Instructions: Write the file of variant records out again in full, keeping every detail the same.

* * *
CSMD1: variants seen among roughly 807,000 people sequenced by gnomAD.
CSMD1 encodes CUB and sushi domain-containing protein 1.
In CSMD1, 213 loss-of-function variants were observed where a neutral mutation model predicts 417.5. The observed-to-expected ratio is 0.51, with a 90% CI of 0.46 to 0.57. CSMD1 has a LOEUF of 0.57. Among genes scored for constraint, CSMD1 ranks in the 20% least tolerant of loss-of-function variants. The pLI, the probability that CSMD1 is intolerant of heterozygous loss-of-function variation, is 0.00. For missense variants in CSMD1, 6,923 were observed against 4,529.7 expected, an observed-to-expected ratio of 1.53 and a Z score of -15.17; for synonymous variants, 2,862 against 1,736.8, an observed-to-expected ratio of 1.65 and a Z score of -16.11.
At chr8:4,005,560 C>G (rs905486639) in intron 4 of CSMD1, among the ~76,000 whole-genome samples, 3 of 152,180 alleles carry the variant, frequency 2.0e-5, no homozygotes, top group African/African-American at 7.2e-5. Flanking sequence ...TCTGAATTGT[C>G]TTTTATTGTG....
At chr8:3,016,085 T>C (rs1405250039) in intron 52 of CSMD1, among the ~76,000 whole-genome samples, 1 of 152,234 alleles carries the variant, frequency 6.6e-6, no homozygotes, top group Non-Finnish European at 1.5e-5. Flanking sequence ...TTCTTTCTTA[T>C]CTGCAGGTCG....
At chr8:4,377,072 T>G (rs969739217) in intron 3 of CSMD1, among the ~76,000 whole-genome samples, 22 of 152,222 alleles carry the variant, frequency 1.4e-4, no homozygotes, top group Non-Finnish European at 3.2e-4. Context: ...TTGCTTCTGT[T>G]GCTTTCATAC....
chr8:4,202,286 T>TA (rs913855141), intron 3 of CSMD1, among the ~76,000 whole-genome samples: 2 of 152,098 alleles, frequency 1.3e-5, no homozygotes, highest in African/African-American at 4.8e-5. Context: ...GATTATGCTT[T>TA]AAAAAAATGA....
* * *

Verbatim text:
CSMD1: variants seen among roughly 807,000 people sequenced by gnomAD.
CSMD1 encodes CUB and sushi domain-containing protein 1.
In CSMD1, 213 loss-of-function variants were observed where a neutral mutation model predicts 417.5. The observed-to-expected ratio is 0.51, with a 90% CI of 0.46 to 0.57. CSMD1 has a LOEUF of 0.57. Among genes scored for constraint, CSMD1 ranks in the 20% least tolerant of loss-of-function variants. The pLI, the probability that CSMD1 is intolerant of heterozygous loss-of-function variation, is 0.00. For missense variants in CSMD1, 6,923 were observed against 4,529.7 expected, an observed-to-expected ratio of 1.53 and a Z score of -15.17; for synonymous variants, 2,862 against 1,736.8, an observed-to-expected ratio of 1.65 and a Z score of -16.11.
At chr8:4,005,560 C>G (rs905486639) in intron 4 of CSMD1, among the ~76,000 whole-genome samples, 3 of 152,180 alleles carry the variant, frequency 2.0e-5, no homozygotes, top group African/African-American at 7.2e-5. Flanking sequence ...TCTGAATTGT[C>G]TTTTATTGTG....
At chr8:3,016,085 T>C (rs1405250039) in intron 52 of CSMD1, among the ~76,000 whole-genome samples, 1 of 152,234 alleles carries the variant, frequency 6.6e-6, no homozygotes, top group Non-Finnish European at 1.5e-5. Flanking sequence ...TTCTTTCTTA[T>C]CTGCAGGTCG....
At chr8:4,377,072 T>G (rs969739217) in intron 3 of CSMD1, among the ~76,000 whole-genome samples, 22 of 152,222 alleles carry the variant, frequency 1.4e-4, no homozygotes, top group Non-Finnish European at 3.2e-4. Context: ...TTGCTTCTGT[T>G]GCTTTCATAC....
chr8:4,202,286 T>TA (rs913855141), intron 3 of CSMD1, among the ~76,000 whole-genome samples: 2 of 152,098 alleles, frequency 1.3e-5, no homozygotes, highest in African/African-American at 4.8e-5. Context: ...GATTATGCTT[T>TA]AAAAAAATGA....